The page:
3 Republican senators deserve credit for courage, but 3 senators does not a sea change make
Like a lot of Dallasites, I watched the vote in the New York Senate online Friday night, June 24. My partner was patient with me; we were having dinner in a very nice restaurant, yet my conversation consisted of updates on the debate.
The iPhone got a lot of use that night.
As the final votes were being taken and the last speeches were made, the total came down on the site of justice and 33 senators, including three Republicans, voted for the bill, which allows same-sex couples as to legally marry in New York.
Gov. Andrew Cuomo signed the bill later that same night and history was made. I was as happy as the thousands who danced in the street outside the Stonewall Inn.
But for a gay man living in Texas, why does what happens in New York matter?
Well, that is a good question. I am reminded of the old picante sauce commercial in which two grizzled cowboys ask where it was made, and after reading the label one says — with so much disdain you can almost taste the bitterness — “New York City!”
I suspect our Texas Legislature will look at the New York law and sound pretty much the same way.
The pundits have been trying to read a lot into the vote.
Rachael Maddow, MSNBC commentator, saw this as a change in Republican politics. Her premise is that a Republican-controlled body actually passed the bill, and maybe that sounds like some kind of directional shift for the GOP. Maybe the GOP will drop their staunch resistance to gay rights and move on to other wedge issues.
Though it would be nice should her view prove true, I really doubt that shift was as major as some may think. After all, it was only three senators who stepped out of rank with their Republican colleagues. That is hardly a sea change.
And already, there are calls by more conservative voices within the GOP to vote those three out in the next election, and I suspect their votes in favor of marriage equality will have repercussions.
I would like to think that the GOP is dropping the tirade against LGBT rights from its platform. But down here in the Lone Star State and elsewhere in the heartland, I don’t see that happening any time soon. As long as the question of marriage rights is left up to the states it will remain one of inequity.
I am reminded that it was “states’ rights’” that perpetuated segregation for so long until the federal government made civil rights part of the national discussion.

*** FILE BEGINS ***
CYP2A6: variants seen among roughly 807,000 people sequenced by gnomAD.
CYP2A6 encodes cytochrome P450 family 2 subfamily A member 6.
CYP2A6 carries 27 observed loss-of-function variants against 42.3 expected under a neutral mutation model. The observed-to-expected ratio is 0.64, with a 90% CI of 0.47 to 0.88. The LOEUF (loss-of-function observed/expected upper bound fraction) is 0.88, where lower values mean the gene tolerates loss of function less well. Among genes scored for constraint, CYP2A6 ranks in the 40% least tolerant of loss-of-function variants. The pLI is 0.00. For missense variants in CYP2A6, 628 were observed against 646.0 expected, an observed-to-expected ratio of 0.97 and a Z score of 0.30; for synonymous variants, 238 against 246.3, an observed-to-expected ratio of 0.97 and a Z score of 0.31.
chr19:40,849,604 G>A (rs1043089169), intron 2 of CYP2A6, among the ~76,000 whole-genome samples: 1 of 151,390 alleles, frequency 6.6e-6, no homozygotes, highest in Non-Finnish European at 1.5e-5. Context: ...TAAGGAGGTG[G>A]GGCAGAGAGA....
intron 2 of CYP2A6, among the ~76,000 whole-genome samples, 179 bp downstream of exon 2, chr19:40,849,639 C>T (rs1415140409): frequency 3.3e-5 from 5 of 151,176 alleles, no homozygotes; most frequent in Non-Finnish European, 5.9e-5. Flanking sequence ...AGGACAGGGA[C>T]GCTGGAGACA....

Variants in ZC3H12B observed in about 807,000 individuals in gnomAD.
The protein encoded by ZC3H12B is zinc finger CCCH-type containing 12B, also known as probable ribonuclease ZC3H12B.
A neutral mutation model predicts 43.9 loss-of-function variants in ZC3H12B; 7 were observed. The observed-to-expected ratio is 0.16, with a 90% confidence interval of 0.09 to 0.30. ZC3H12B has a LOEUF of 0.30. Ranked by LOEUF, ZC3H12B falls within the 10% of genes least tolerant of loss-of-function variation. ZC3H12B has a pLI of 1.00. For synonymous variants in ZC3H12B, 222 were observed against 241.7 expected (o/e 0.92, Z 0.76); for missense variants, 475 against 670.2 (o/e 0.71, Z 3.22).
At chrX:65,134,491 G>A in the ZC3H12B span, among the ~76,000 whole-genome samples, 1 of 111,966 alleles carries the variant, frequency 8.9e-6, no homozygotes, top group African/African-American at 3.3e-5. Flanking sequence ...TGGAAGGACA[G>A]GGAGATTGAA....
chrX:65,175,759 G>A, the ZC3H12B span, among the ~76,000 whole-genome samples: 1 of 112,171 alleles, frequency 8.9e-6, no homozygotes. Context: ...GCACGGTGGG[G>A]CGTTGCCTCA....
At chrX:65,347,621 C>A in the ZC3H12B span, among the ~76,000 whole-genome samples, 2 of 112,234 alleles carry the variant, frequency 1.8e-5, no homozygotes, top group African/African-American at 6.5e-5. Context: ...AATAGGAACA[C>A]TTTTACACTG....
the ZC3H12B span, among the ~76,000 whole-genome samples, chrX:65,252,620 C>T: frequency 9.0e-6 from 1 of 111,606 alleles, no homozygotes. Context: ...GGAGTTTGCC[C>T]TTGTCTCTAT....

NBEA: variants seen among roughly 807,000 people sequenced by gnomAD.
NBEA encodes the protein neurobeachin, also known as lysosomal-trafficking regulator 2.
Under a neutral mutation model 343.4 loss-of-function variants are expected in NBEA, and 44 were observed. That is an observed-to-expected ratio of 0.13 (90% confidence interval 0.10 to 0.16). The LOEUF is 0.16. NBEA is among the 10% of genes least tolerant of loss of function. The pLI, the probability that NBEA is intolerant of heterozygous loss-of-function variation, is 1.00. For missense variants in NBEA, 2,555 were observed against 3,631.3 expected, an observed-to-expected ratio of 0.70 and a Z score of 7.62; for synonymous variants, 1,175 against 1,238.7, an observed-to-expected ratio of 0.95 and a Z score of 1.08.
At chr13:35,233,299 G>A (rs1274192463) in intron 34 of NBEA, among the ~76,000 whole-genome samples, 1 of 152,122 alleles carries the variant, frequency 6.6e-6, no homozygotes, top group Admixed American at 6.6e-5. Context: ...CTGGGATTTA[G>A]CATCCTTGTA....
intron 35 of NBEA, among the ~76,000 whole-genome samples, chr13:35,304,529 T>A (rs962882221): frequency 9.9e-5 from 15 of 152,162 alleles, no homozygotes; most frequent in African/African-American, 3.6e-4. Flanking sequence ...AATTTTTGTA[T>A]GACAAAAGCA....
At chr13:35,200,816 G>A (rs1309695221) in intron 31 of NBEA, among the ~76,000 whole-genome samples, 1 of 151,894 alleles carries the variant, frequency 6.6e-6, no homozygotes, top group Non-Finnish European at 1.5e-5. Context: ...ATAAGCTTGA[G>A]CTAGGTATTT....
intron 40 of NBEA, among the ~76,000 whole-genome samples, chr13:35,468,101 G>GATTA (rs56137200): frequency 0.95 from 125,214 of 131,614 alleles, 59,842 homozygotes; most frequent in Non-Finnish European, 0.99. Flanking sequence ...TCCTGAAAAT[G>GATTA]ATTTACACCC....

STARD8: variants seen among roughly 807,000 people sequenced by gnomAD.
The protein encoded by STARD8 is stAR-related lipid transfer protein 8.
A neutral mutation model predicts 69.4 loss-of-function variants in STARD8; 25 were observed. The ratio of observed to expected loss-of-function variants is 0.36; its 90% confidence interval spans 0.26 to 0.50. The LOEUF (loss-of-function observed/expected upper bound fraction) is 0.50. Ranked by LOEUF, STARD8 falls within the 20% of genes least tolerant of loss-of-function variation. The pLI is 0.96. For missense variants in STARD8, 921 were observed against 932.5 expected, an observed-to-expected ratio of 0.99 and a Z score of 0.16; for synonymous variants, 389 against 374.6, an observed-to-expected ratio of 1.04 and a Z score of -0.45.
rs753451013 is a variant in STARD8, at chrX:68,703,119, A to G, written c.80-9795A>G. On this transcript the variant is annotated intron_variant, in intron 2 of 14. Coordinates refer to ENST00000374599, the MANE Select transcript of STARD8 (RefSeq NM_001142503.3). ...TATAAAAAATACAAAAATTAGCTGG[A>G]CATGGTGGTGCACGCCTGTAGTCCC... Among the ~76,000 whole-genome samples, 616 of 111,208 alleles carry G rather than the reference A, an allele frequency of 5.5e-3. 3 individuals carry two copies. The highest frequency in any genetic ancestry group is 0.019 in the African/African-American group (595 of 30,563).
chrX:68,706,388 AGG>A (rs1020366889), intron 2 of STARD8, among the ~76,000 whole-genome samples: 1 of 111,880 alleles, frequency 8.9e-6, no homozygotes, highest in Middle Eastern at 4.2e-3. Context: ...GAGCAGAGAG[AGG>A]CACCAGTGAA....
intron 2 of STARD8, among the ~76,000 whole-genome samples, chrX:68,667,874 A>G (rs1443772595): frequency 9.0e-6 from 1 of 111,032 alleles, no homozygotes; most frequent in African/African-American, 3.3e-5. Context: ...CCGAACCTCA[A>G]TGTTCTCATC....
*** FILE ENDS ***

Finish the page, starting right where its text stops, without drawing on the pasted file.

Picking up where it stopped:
My hat is off to New York and to the brave Republicans who voted their conscience and gave LGBT New Yorkers the same rights as their straight brothers and sisters. I sincerely hope that other states will take the hint after seeing that the world will not end on July 24 when New Yorkers of all orientations can marry.
Still I look at the entrenched bigots in our own Legislature and surrounding states and know that it won’t happen soon. Even in New York, conservative Democrat Rubin Diaz voted against equality.
It will take a federal mandate to get this changed across the country. Without that, equality will be the property of some states but not others, and the reciprocity will remain in question.
Laws of one state normally are recognized in others. But apparently LGBT folk are different. We are denied that reciprocity along with more than 1,000 other rights granted to married couples.
I would not have chosen same-sex marriage as the banner issue in our fight for equality, but it has moved to the forefront and must be addressed. It is only a step toward full equality for LGBT citizens but it is a big one.
And it’s time Congress and the president gave this matter a little help. Left to the states, it won’t happen.
President Barack Obama has said he is evolving on the issue of same-sex marriage. Well, evolve already!
Hardy Haberman is a longtime local LGBT activist and a member of Stonewall Democrats of Dallas. His blog is at http://dungeondiary.blogspot.com.